This means a firefighter can selectively choose to put out a house fire based solely on its inhabitants. Doctors no longer have to abide by the hippocratic oath if one offends their religious sensibilities. This means people can freely deny service, in any capacity, as long as they can justify it religiously. While I will always fight for the right of religious people to practice their faith, it should not come at the expense of the health & well being of others.

    • Atoswald

      Rwlawoffice,

      A christian can believe that homosexuality is a “sin” until the end of time. They have every right to that belief, but they do not have the right to force that belief onto others. If a christian cannot perform their job without sacrificing their religious beliefs, then that christian needs to find a different job. Homosexuals are no different than heterosexuals. If your job is to provide counsel to a suicidal patient, and you refuse that counsel because you do not agree with the patient’s personal choice (that in NO WAY affects your life, I might add) you have failed to do your job. Counselors are trained to set aside their personal opinions to help their patients, they are not there to judge, they are there to help. And as for christian opinions that homosexuals are sinners and sinner should be condemned and shunned … christians need to decide which parts of the bible are important to them. Try Matthew 7: 1-5, John 8:1-11 or maybe Luke 5: 30-32. “Love the sinner” and all that, right?

      • Rwlawoffice

        Please point to me where in this law is the counselor’s religious beliefs being forced on someone else.  And where in the law would it not allow the referral of a sucidial patient?

        Also explain how it is unloving to refer someone to a counselor that can help them better if religious beliefs would get in the way ? I would argue that this is a very loving act- recognizing that the counselor’s religious beliefs would prohibit objective counseling and thus it is best to refer that patient to someone else. 

        • allein

          If you can’t be objective you have no business being a counselor.

    • Edmond

      I wonder if maybe they SHOULD be discriminated against for holding the belief that homosexuality is a sin (they are certainly happy enough to discriminate against US just for BEING homosexual).

      It seems that there SHOULD be a little bit of punishment, some undesirable consequences, for treating fellow citizens as if they were criminals of some sort.  We are NOT criminals, we are not harming anyone, and spreading the idea that we ARE, seems dangerously close to slander.  There OUGHT to be a price to pay when vilifying and demeaning undeserving people this way.  Maybe THEN Christians would begin reining in this dispicable behavior.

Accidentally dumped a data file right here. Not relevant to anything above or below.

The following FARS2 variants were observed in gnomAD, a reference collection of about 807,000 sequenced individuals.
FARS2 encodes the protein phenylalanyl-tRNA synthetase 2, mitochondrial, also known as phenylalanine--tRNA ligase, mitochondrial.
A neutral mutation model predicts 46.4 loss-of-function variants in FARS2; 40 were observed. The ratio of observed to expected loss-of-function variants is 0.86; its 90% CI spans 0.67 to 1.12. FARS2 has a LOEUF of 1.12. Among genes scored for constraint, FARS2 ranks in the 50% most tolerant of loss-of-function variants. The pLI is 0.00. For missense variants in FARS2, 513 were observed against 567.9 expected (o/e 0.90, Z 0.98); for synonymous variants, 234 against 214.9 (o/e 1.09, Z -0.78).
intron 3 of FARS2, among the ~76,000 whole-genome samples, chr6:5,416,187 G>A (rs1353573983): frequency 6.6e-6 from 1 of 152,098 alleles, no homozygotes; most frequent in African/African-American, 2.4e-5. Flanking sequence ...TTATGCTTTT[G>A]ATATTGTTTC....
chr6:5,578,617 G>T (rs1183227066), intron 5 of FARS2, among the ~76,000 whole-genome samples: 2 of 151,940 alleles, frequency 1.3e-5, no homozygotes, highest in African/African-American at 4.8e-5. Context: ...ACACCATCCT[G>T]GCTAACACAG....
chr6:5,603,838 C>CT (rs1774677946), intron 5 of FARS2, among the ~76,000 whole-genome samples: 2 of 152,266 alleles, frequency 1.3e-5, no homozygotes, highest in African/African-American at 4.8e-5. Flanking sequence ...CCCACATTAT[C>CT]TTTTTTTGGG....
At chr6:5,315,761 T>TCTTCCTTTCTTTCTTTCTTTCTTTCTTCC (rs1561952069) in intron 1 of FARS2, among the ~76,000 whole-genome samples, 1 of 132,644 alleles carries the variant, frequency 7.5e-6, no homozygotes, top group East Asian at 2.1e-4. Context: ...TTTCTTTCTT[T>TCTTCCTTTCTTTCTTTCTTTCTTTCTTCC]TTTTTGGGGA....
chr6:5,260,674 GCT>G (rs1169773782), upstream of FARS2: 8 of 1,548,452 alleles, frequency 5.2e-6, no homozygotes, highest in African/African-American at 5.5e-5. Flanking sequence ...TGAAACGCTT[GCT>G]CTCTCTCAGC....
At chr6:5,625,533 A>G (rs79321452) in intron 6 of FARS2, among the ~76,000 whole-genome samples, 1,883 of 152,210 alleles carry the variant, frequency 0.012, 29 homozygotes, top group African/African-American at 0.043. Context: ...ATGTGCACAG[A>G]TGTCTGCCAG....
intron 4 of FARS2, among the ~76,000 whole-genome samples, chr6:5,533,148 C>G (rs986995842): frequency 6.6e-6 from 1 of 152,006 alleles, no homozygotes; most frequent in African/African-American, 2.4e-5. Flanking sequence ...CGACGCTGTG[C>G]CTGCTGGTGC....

• http://twitter.com/Buffy2q Buffy

       Lots of things are “sins” according to the Bible.  Divorce, adultery, lying, drunkenness, lust, wearing fabrics made from two different fibers, stealing, murder, working on the “sabbath”, pre-marital sex, dishonoring your parents, cutting your facial hair, etc, etc, etc.  So why is it Christians aren’t demanding the “religious freedom” to not work with divorcees, liars, clean-shaven people, drunkards, and people wearing poly-cotton blends?  Why is it only when they encounter LGBT people and women seeking reproductive health care that their “religious liberties” are being violated? 

      People are free to practice their faith, but when they’re hired to do a job why is it such a burden to ask them to actually do their job?  They’re hired to work, not “practice their faith”.  If they can’t separate the two perhaps they should go work for a church. 

    • Baby_Raptor

      She has the right to believe what she wants. Believing does not mean hurting others, forcing your view on others or throwing a fit because you might encounter someone who disagrees with you. 

  • Istj04

    This story is a screaming example of WHY people who are gay, atheist, or some other “controversial” personal identity label, need to be FUCKING CAREFUL about WHO they “out” themselves to! Why a gay person would see a Christian counselor is beyond me, but maybe this will send a message to those seeking counseling on the “sexual orientation identity issue”-that being: If the “therapist” identifies” as being a “CHRISTIAN” (or any other kind of theist!), RUN LIKE HELL, AND FIND ANOTHER THERAPIST! One that actually HAS A BRAIN, AND WILL GIVE A CRAP! 

    • http://twitter.com/Noadi Sheryl

       The issue here is that the person seeking counseling in this situation was at a student health center where you get the next available person. Unfortunately many people don’t have a lot of options when it comes to who they get treatment from.

      • amycas